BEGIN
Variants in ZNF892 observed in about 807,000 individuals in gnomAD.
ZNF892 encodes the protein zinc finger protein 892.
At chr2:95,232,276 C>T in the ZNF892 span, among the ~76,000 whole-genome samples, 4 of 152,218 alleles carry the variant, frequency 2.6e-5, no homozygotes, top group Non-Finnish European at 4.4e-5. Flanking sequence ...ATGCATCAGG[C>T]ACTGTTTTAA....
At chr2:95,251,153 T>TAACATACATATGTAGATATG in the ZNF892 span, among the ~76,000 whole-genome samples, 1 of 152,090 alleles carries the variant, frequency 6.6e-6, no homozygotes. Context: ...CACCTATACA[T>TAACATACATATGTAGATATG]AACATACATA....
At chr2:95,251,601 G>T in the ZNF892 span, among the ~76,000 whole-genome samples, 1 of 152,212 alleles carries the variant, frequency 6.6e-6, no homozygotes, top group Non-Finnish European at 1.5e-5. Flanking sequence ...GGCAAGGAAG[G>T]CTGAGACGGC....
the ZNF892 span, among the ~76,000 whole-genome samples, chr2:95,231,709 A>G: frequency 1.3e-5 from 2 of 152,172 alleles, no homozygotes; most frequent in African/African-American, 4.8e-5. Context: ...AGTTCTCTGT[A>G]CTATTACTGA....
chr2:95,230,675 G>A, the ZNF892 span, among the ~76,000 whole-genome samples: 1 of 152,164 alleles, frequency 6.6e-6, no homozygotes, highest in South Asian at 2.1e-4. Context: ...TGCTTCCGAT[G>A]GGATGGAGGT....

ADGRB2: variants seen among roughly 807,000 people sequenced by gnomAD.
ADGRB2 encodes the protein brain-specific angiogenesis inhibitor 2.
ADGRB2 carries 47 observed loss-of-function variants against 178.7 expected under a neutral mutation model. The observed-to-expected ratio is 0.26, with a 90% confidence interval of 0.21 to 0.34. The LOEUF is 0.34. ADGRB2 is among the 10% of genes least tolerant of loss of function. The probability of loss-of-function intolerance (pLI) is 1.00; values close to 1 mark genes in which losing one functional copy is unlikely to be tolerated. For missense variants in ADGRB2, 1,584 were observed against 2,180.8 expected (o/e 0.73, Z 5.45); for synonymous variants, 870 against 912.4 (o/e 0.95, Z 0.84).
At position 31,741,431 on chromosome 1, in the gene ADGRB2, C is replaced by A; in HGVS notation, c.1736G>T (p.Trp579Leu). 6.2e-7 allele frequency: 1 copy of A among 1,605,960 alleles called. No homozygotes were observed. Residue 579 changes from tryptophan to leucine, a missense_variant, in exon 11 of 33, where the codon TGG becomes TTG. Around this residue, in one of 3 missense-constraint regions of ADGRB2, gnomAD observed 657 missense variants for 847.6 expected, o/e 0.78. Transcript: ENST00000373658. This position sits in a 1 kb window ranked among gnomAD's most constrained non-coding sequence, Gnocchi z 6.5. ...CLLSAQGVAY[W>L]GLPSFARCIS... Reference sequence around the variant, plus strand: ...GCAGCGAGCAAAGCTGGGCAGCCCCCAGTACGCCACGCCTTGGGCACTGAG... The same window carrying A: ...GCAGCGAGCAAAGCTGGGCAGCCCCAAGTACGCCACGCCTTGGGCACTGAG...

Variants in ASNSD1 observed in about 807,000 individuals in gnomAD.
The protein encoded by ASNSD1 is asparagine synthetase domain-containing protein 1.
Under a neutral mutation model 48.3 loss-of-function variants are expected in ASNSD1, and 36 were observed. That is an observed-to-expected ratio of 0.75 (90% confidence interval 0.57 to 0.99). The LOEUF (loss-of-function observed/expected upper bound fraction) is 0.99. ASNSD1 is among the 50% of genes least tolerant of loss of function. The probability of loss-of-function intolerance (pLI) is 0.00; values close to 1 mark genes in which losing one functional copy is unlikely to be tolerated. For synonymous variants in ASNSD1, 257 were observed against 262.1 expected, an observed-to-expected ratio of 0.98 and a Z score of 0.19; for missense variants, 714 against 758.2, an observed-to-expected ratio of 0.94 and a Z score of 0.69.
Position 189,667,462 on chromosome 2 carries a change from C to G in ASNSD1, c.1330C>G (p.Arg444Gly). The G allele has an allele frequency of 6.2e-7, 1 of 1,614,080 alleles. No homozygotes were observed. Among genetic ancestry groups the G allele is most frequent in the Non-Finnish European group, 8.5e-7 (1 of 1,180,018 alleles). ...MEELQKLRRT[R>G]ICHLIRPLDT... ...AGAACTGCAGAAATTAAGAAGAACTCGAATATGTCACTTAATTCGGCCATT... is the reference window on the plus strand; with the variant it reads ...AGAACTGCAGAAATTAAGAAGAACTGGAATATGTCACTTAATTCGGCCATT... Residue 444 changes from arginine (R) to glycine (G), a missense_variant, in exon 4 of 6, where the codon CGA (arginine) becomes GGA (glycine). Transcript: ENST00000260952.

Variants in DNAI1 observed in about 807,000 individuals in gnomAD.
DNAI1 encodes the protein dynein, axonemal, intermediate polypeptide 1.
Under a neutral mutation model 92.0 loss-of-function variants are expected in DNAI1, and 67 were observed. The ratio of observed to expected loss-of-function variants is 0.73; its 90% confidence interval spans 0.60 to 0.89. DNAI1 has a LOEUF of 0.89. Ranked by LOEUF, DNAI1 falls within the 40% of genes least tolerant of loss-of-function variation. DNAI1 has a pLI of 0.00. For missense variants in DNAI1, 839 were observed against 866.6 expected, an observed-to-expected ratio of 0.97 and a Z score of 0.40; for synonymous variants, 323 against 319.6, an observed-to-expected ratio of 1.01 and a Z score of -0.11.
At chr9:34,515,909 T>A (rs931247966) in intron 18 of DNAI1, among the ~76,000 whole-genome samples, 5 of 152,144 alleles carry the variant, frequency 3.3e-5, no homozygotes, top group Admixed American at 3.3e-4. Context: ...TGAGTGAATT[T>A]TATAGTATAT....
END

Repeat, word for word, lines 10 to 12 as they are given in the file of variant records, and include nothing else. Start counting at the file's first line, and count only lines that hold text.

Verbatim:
ADGRB2 carries 47 observed loss-of-function variants against 178.7 expected under a neutral mutation model. The observed-to-expected ratio is 0.26, with a 90% confidence interval of 0.21 to 0.34. The LOEUF is 0.34. ADGRB2 is among the 10% of genes least tolerant of loss of function. The probability of loss-of-function intolerance (pLI) is 1.00; values close to 1 mark genes in which losing one functional copy is unlikely to be tolerated. For missense variants in ADGRB2, 1,584 were observed against 2,180.8 expected (o/e 0.73, Z 5.45); for synonymous variants, 870 against 912.4 (o/e 0.95, Z 0.84).
At position 31,741,431 on chromosome 1, in the gene ADGRB2, C is replaced by A; in HGVS notation, c.1736G>T (p.Trp579Leu). 6.2e-7 allele frequency: 1 copy of A among 1,605,960 alleles called. No homozygotes were observed. Residue 579 changes from tryptophan to leucine, a missense_variant, in exon 11 of 33, where the codon TGG becomes TTG. Around this residue, in one of 3 missense-constraint regions of ADGRB2, gnomAD observed 657 missense variants for 847.6 expected, o/e 0.78. Transcript: ENST00000373658. This position sits in a 1 kb window ranked among gnomAD's most constrained non-coding sequence, Gnocchi z 6.5. ...CLLSAQGVAY[W>L]GLPSFARCIS... Reference sequence around the variant, plus strand: ...GCAGCGAGCAAAGCTGGGCAGCCCCCAGTACGCCACGCCTTGGGCACTGAG... The same window carrying A: ...GCAGCGAGCAAAGCTGGGCAGCCCCAAGTACGCCACGCCTTGGGCACTGAG...

Variants in ASNSD1 observed in about 807,000 individuals in gnomAD.